A man who waited 38 years for medical science to advance enough to reverse blindness caused by
severe chemical burns got his lifelong wish this spring when eye surgeons at UC Davis School of Medicine
and Medical Center implanted an artificial cornea and lens in his right eye.
The successful sight-restoring procedure is among the first in California and among only 250 artificial
corneal procedures ever performed in the United States.
In an emotional office visit at UC Davis on the day after his surgery, the bandage over Nikon Sandulyak's
right eye was removed, and he saw his adult daughter, Olena, whom he hasn't seen since she was 5 years
"It is a miracle. I thank God and I thank the United States," said Sandulyak, a former veterinarian
from Odessa, Ukraine, who moved to Carmichael, Calif., with his wife in 2003 to be near his two daughters,
who are physicians getting recertified at UC Davis and Stanford.
Speaking through a Russian interpreter, he said: "For the past 38 years, I have seen nothing. Now
I can see everything. I am surrounded by beautiful colors and people. I am ecstatic!"
Blinded in 1966 while working with lye, he never gave up hope that one day he would see. Over the next
38 years his search for treatment led him to the best clinics and specialists in Russia, but none could
guarantee that his vision would improve even 1 percent. So he waited, working as a massage therapist at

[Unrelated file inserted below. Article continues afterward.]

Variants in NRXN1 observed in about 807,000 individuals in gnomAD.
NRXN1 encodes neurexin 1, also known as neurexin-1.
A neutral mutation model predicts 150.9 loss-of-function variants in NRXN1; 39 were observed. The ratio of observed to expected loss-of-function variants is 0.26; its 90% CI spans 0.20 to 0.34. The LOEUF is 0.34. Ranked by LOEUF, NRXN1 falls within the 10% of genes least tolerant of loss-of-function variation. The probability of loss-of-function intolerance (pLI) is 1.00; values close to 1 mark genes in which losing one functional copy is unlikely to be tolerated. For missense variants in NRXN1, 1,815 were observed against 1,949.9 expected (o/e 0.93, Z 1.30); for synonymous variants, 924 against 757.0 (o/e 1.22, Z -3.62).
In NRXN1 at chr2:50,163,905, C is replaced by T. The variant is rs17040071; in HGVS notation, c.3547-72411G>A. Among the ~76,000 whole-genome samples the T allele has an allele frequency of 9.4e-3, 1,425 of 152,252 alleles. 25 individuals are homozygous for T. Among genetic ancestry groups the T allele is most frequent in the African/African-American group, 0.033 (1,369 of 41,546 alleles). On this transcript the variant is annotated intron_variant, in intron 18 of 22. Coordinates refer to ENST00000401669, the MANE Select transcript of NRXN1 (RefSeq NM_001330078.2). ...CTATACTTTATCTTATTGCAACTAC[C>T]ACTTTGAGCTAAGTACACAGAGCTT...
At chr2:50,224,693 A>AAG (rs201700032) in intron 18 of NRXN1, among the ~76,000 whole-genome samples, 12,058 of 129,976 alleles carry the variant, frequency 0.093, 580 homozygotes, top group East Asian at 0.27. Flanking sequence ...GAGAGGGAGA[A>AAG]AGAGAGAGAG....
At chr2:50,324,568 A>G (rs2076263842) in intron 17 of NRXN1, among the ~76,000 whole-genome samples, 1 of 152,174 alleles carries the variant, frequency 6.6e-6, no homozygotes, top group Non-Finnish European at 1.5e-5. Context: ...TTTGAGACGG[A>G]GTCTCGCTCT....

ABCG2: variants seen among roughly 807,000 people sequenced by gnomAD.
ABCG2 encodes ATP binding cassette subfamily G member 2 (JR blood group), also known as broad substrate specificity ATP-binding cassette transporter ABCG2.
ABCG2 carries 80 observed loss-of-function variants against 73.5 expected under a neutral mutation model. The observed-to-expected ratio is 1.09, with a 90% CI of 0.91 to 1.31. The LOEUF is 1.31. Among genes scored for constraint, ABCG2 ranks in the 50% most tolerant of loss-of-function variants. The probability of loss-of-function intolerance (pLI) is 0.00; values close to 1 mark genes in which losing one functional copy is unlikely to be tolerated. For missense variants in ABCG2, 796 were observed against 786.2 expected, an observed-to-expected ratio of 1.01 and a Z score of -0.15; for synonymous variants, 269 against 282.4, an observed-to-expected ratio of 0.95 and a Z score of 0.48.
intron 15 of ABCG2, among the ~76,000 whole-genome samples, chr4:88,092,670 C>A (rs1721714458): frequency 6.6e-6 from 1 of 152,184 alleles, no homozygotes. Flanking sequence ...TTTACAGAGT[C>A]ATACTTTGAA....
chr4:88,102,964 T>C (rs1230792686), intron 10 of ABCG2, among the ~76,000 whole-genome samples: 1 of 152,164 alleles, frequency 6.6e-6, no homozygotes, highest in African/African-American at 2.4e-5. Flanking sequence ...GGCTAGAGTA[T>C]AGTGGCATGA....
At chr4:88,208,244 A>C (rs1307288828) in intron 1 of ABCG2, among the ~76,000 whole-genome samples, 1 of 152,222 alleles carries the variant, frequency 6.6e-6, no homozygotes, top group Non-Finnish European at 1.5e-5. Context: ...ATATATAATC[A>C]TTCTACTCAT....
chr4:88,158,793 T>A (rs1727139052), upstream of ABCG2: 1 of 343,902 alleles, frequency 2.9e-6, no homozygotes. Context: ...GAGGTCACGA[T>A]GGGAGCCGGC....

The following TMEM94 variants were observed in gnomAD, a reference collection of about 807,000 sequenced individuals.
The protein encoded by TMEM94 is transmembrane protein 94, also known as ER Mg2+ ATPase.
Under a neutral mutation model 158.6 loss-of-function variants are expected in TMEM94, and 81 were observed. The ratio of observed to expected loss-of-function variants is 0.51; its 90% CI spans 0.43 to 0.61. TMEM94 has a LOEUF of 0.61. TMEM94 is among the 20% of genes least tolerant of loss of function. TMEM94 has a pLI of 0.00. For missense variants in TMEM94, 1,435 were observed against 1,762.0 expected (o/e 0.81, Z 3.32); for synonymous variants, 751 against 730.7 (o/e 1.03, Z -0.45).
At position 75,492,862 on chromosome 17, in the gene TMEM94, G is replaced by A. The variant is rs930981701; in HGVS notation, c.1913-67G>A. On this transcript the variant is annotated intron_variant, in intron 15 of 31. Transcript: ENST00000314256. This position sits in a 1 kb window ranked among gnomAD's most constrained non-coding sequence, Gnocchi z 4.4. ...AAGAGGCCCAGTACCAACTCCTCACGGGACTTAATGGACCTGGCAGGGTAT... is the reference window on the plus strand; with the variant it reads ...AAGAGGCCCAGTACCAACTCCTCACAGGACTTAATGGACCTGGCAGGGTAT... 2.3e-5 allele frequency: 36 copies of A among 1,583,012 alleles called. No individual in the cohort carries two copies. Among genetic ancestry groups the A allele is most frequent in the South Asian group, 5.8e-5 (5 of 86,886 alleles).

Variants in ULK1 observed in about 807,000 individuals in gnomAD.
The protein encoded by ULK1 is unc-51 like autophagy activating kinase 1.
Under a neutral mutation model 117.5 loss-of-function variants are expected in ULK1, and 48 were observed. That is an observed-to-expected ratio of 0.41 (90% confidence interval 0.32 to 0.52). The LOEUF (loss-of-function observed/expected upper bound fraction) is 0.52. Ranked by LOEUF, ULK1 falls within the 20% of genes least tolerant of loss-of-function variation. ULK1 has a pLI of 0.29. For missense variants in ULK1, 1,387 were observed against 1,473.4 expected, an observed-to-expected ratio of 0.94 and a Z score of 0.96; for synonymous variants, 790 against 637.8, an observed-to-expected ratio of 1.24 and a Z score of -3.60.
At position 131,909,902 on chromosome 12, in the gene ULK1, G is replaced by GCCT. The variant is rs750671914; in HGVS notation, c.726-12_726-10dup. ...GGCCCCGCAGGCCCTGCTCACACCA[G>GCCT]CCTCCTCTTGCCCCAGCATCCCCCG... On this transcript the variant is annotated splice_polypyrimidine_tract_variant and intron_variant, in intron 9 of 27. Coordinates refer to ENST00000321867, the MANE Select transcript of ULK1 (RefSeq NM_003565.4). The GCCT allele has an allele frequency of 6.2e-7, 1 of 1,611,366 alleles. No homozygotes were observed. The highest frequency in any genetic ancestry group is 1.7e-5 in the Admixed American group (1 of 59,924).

a local clinic and keeping track of the latest advances in eye care. When his daughters came to the United
States, he and his wife obtained visas to join them.
In October 2003, he met with renowned corneal specialist Mark Mannis, professor and chair of ophthalmology
at UC Davis School of Medicine and author of the definitive textbook on diseases of the cornea. He deemed
Sandulyak a perfect candidate to receive a relatively new and very promising artificial cornea. The device
he received, developed by Harvard ophthalmologist Claes Dohlman, is one of only two artificial corneas
available in the United States. A group of corneal specialists at several teaching hospitals like UC Davis
are working together to make this cornea more available.
"For 200 years ophthalmologists have aspired to perfect an artificial cornea to reverse blindness,"
said Mannis, an ophthalmologist who has treated thousands of patients with complex corneal disease over
his 24-year career. "Refinements in device design, combined with better drug therapy and long-term
follow-up care, is improving outcomes, making artificial corneas a viable option for patients with scarred
corneas who cannot receive traditional corneal transplants. These include patients with alkali burns to
the cornea, like Mr. Sandulyak, as well as those with autoimmune and other disorders that scar the cornea.
Patients who have had multiple failed corneal transplants may also benefit from the artificial corneal